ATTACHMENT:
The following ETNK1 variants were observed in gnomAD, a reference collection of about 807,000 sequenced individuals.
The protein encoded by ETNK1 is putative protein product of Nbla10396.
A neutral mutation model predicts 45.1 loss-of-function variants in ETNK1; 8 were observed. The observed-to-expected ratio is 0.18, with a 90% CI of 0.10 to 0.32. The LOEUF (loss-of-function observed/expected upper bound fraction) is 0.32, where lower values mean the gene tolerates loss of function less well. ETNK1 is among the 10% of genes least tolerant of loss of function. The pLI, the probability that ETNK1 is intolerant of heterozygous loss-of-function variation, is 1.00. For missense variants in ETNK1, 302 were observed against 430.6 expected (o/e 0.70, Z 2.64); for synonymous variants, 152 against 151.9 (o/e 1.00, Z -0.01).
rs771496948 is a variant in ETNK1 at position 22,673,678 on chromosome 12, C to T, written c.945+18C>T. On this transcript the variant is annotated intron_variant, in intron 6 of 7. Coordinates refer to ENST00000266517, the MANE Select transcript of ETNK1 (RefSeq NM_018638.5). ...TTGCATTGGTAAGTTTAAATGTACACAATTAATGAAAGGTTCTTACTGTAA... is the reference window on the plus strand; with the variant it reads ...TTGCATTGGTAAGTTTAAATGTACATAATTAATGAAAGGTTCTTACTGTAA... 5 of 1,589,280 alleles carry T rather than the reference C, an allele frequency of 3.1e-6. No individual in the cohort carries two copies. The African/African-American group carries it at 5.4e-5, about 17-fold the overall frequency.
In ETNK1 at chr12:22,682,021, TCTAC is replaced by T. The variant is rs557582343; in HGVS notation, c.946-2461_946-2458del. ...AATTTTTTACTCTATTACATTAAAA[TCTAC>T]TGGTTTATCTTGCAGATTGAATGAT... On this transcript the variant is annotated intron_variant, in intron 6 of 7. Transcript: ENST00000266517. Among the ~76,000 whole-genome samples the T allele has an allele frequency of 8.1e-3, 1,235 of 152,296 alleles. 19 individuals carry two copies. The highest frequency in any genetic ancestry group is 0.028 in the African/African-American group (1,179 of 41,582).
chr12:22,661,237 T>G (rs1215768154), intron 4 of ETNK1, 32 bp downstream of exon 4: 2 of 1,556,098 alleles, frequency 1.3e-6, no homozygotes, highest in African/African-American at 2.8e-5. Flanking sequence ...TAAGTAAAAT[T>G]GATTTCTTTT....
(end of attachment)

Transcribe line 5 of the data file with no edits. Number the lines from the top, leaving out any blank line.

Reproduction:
In ETNK1 at chr12:22,682,021, TCTAC is replaced by T. The variant is rs557582343; in HGVS notation, c.946-2461_946-2458del. ...AATTTTTTACTCTATTACATTAAAA[TCTAC>T]TGGTTTATCTTGCAGATTGAATGAT... On this transcript the variant is annotated intron_variant, in intron 6 of 7. Transcript: ENST00000266517. Among the ~76,000 whole-genome samples the T allele has an allele frequency of 8.1e-3, 1,235 of 152,296 alleles. 19 individuals carry two copies. The highest frequency in any genetic ancestry group is 0.028 in the African/African-American group (1,179 of 41,582).